Lately I've been seeing posts on social media from teachers looking for resources for teaching English learners. Some are new teachers, who've just been hired as an EL teacher (I've been there...it's overwhelming but you'll figure it out). Some are veteran teachers who will be teaching ELs for the first time. No matter the situation, seeing this question prompted me to start collecting the resources I would have wanted when I started teaching ELs.
I have a longer post in the works for the new EL teachers, but hopefully this collection of resources helps you as you prepare for next school year.
When I was in the classroom, my district went on strike. I didn’t see my students for ten days, and I worried about them every day. I missed their smiling faces and their silly jokes. I missed teaching them so much it made me cry. I don’t want to imagine what it would be like if I were in the classroom during the COVID-19 pandemic. I am in awe of teachers who quickly adjusted to remote crisis teaching while having to wonder if their students are healthy, if they feel safe, and if they have enough to eat.
As a member of entirely too many recently-created Facebook groups devoted to remote learning, I see the questions teachers are asking, and I want to help. I work with teachers for a living, and my area of expertise is using technology in language learning. All of my training, experience, an absurd amount of years in undergraduate and graduate classes have led to a mental toolkit that can help teachers right now.
At first, I was ambitious. I created a graphic organizer for strategies that accounted for grade, English language proficiency level, technology and non-technology options, all four language domains, and ten different content areas. It was a beautiful graphic organizer, and a revealing look at how the inside of my brain is organized. I may have briefly lost consciousness when I realized that it would have taken thousands of strategies to fill every space in the organizer. I put it away and worked on other projects.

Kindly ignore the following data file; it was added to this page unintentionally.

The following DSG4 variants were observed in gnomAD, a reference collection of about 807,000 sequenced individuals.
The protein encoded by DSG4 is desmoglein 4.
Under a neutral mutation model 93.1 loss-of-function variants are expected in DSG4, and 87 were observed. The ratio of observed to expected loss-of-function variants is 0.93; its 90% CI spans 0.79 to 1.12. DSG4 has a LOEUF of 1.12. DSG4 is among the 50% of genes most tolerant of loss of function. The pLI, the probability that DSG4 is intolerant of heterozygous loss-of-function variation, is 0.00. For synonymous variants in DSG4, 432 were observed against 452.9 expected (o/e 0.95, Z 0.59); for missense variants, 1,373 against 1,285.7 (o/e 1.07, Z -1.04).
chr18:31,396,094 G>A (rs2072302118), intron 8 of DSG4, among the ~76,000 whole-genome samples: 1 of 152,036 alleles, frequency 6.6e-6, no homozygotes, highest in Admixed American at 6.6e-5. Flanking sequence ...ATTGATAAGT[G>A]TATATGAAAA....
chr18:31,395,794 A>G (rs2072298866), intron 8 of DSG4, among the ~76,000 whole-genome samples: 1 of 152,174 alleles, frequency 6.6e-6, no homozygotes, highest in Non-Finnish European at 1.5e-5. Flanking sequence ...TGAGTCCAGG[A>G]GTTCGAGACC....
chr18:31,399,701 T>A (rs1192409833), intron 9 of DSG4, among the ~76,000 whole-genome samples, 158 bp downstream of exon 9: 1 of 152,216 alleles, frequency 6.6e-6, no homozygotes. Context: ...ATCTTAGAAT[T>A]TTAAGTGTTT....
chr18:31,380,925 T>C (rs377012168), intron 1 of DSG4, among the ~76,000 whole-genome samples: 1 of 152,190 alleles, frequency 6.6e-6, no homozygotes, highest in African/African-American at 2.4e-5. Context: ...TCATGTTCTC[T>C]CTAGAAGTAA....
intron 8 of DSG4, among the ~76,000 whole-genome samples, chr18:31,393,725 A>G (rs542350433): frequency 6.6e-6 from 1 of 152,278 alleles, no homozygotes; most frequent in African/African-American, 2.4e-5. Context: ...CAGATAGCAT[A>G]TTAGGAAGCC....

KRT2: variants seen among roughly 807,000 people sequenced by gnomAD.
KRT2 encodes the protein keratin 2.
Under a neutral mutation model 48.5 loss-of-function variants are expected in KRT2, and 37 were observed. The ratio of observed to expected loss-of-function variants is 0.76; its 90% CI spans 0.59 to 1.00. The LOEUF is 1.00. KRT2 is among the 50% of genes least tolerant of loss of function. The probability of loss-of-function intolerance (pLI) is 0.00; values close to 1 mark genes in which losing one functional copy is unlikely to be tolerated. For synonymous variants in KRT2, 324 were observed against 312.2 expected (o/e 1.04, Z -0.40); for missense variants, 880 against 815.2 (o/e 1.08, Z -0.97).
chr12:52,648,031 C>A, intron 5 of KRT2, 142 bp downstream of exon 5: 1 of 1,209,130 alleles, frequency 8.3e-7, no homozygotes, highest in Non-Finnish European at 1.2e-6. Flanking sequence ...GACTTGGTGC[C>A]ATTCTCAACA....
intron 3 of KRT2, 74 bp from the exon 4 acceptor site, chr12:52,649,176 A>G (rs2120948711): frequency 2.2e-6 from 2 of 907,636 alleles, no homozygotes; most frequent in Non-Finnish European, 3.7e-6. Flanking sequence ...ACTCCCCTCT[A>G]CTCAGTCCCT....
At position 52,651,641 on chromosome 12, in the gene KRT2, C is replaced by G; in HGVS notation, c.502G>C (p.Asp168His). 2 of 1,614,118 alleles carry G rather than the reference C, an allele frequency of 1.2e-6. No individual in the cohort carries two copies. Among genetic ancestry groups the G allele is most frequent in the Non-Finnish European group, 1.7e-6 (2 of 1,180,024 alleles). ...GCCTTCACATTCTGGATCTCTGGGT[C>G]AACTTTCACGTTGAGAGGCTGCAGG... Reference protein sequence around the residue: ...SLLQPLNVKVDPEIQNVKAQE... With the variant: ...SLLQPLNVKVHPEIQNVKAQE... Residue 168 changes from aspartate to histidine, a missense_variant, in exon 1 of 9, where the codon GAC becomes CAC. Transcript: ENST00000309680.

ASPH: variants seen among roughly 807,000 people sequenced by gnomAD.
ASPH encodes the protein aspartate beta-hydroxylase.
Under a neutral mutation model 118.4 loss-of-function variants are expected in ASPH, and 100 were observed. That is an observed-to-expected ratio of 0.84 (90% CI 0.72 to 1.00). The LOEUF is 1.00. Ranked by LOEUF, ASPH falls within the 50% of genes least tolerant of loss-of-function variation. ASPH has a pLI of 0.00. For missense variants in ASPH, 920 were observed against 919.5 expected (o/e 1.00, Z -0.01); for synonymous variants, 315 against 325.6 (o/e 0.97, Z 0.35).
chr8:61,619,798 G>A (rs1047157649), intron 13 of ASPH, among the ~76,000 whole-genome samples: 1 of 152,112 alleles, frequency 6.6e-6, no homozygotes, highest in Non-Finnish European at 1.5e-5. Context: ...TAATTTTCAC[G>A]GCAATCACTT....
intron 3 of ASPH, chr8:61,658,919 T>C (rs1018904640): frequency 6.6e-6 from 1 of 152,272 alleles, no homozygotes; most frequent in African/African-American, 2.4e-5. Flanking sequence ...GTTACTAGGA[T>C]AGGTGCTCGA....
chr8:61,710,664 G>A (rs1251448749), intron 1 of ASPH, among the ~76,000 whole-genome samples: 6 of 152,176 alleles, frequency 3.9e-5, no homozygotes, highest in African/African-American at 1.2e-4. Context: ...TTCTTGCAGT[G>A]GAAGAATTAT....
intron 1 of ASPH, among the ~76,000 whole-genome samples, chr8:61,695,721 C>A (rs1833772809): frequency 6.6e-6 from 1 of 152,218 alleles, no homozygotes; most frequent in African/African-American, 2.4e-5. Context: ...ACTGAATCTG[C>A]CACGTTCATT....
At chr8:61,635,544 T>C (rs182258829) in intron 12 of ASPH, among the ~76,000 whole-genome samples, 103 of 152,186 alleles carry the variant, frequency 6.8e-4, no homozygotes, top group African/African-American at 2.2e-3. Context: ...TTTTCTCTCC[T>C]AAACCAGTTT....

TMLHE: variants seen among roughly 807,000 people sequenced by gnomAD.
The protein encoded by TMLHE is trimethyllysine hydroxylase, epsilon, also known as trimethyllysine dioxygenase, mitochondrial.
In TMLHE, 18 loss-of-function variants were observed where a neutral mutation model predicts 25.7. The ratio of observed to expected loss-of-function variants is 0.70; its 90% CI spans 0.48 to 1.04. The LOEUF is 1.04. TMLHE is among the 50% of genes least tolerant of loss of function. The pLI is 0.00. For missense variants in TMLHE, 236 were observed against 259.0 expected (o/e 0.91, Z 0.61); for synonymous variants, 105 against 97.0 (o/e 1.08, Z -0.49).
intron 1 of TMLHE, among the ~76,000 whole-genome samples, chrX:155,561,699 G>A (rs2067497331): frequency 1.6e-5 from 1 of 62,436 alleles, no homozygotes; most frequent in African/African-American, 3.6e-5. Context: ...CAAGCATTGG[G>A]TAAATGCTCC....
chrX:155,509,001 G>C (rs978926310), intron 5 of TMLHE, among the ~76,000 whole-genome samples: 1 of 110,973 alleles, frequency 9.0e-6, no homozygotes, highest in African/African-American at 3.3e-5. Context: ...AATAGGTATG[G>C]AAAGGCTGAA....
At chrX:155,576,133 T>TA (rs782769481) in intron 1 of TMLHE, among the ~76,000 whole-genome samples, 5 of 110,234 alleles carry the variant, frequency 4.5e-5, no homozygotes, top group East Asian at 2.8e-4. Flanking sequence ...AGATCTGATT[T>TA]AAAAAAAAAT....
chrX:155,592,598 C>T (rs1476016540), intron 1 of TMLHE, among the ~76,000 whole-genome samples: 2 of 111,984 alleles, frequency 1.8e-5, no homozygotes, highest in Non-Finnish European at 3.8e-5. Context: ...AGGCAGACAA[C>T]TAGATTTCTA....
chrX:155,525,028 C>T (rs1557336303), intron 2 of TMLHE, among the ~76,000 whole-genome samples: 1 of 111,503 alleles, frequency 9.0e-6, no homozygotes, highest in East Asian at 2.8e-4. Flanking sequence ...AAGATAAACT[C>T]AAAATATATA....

This week, I scaled it back. I focused on a few go-to resources and ideas that I regularly recommend to teachers. They focus on building language skills, and most apply to any language. This batch of ideas centers around technology. Equity in remote learning for language learners and many other students is a critical issue, and I will follow up soon with ideas that don’t require devices or internet access. Finally, I believe that this is a time to be more concerned about humanity than grading. These activities are not designed to be assessed. They are opportunities that can be given to students once we know their psychological and safety needs are met.
I initially tweeted this remote language learning menu on April 8, and it got a few likes and comments, so I think it’s a good time to give a more thorough explanation of each activity.
1. Follow the directions to draw a robot - I found these directed drawing videos by Whimsy Workshop Teaching. Students can simply press play on the YouTube video and draw, pausing when needed. Start with the robot and move on to other drawings. Or check out Lunch Doodles with Mo Willems!
Extension: 1) Have students only listen to the video and follow the directions to create the drawing. At the end, compare the student’s drawing to the model drawing. 2) Give students an image or have them create their own drawing. Then record them giving step-by-step directions for someone else to recreate the image. Videos could be shared on Flipgrid or SeeSaw for classmates to try!
2. Listen to a story on StorylineOnline - I’ve used StorylineOnline with students since my first year of teaching. These are well-known children’s stories read by actors. They’re engaging and don’t require a listening center or you to purchase anything. Win.
Extension: Search YouTube for read-alouds in specific languages, grade ranges, or content areas. You will find some gems, like this rendition of the wordless book, The Arrival by Shaun Tan.
3. Take a dance break with GoNoodle - GoNoodle songs, like Get You Body Movin by Koo Koo Kanga Roo, are tough to get out of your head, so proceed at your own risk. Try to find songs that ask them to follow instructions. Check out GoNoodle’s YouTube page or website for more videos.
Extension: I was a big fan of 60-second dance parties when I was teaching because sometimes you need a break to move around and get oxygen in your blood. This is even more true now that students are spending so much time indoors! Search YouTube for any type of dance music if you and your students need a dance break. Try searching freeze dance for some fun options, or maybe now’s the time to introduce your students to the glory of boy bands of the 90s and 00s.
4. Listen to Peter H. Reynolds read Be You - There is no shortage of authors, celebrities, and teachers posting read-alouds. Many publishers have relaxed their copyright rules for recording books during the pandemic. I’m partial to hearing authors’ read their own works, like Peter H. Reynolds in this video. Reynolds has more read-alouds posted on his Facebook page. Other options for read-alouds include: